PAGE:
• If you play an instrument, practice when it will least annoy your neighbours - don't use amplifiers, use headphones where possible use mutes for wind instruments and pads and brushes on drums
  • If you want to listen or play music at a louder volume, then you can use headphones - just be aware that turning your music up can damage your hearing

When you're at home you should avoid the following:

  • Slamming doors, especially if you live in a flat with a shared entrance, and especially late at night and early in the morning
  • Slamming cupboard doors can also be annoying, especially those that are fixed to party walls. You can try using isolating wall plugs when fitting cupboards

Pets can often be the main cause of noise complaints. It's always best to ensure:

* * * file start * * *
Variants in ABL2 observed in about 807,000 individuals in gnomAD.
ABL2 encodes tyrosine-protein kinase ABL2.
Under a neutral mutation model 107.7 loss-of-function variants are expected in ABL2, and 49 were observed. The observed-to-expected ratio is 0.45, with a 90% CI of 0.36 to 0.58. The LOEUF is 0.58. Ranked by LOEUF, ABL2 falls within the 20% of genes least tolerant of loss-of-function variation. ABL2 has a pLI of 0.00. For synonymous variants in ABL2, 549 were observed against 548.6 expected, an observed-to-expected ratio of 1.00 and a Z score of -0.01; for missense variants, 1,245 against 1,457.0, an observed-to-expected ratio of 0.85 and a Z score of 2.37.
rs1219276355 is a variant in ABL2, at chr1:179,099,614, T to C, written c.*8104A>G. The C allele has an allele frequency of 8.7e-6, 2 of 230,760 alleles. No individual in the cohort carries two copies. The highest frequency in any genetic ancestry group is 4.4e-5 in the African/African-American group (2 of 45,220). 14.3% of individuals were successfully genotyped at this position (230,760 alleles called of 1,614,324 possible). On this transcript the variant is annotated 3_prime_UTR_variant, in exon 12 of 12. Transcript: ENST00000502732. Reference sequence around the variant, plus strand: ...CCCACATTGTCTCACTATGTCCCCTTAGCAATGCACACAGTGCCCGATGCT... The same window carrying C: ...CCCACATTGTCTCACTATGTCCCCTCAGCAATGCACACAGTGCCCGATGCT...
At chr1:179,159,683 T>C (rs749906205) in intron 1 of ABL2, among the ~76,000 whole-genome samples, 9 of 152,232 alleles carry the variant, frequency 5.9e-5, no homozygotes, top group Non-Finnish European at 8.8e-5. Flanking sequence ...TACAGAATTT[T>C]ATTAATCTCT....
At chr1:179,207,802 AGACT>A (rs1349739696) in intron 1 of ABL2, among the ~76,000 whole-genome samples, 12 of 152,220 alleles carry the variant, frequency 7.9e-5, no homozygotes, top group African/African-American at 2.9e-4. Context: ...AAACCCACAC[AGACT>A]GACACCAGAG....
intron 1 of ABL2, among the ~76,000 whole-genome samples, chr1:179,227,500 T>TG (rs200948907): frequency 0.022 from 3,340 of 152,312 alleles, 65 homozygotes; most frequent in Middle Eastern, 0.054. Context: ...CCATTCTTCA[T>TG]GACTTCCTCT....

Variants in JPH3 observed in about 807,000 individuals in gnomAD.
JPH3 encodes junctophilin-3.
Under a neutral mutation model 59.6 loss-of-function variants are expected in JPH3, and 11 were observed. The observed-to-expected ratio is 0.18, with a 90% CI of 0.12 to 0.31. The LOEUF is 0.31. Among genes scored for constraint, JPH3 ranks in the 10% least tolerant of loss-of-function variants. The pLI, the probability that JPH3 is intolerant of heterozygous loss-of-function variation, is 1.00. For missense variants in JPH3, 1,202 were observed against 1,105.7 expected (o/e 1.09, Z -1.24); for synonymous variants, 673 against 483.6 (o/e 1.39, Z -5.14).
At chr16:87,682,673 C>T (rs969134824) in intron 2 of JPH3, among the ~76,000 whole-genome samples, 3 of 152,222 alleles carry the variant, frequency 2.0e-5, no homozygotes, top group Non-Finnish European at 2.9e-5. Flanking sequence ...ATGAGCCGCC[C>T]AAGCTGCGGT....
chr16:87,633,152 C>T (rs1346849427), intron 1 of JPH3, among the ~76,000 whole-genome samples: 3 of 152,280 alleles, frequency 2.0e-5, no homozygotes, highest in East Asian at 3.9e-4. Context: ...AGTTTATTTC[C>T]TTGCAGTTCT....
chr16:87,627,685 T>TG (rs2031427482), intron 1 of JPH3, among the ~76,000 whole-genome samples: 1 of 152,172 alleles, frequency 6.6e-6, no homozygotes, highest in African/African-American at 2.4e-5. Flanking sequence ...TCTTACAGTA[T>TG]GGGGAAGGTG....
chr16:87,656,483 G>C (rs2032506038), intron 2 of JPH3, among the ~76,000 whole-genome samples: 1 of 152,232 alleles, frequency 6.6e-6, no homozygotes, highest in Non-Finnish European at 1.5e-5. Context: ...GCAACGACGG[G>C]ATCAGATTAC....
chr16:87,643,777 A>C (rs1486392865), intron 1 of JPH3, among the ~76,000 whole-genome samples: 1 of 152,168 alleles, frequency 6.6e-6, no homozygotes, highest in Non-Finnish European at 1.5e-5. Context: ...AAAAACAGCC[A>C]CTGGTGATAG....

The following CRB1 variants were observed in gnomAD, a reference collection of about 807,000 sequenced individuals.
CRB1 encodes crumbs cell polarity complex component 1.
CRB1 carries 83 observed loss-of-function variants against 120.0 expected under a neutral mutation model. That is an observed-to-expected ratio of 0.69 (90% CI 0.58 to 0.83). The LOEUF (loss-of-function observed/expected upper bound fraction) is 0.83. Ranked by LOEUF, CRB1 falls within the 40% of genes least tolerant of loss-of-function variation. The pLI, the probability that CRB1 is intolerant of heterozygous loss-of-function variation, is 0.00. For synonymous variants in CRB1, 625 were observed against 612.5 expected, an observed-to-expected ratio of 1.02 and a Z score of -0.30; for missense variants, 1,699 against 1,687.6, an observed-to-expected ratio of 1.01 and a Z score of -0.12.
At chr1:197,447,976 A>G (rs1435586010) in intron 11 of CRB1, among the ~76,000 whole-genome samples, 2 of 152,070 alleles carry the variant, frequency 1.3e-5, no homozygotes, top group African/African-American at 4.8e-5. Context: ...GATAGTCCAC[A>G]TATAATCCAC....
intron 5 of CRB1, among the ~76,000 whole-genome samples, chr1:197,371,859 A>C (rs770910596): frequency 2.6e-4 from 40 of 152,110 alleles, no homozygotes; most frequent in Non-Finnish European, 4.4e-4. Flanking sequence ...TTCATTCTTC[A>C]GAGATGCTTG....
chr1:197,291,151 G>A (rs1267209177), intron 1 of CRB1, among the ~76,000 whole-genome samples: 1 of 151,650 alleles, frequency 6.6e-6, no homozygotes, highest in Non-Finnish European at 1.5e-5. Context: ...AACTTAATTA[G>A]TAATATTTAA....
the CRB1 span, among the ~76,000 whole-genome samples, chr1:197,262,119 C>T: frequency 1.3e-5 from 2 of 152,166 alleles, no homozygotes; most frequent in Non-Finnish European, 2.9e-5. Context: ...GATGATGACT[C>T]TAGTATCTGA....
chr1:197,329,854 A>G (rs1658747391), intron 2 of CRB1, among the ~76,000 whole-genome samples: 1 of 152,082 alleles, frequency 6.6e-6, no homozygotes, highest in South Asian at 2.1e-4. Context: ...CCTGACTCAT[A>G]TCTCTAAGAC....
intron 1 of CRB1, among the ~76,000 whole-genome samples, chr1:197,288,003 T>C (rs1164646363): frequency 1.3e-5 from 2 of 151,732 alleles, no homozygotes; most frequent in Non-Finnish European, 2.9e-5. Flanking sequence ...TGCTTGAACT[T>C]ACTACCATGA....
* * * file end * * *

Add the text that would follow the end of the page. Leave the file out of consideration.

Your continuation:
• That dogs are content, if they're not, they bark. Make sure your dog is well-fed and exercised if you have to leave it alone. A tired dog barks less.You might leave a radio on, or ask a neighbour to check on them. If your dog still barks, you might want to consider dog training, or doggie day care
  • If you have a dog which is kept in the yard or garden while you're away from the property you have no idea whether the dog is barking when you're not there. Don't leave your outside for long periods.
  • If your dog is kept inside, keep them away from party walls and away from windows
  • If your cat goes out fighting and wailing, and a neighbour complains, you could try to make sure you keep it inside at night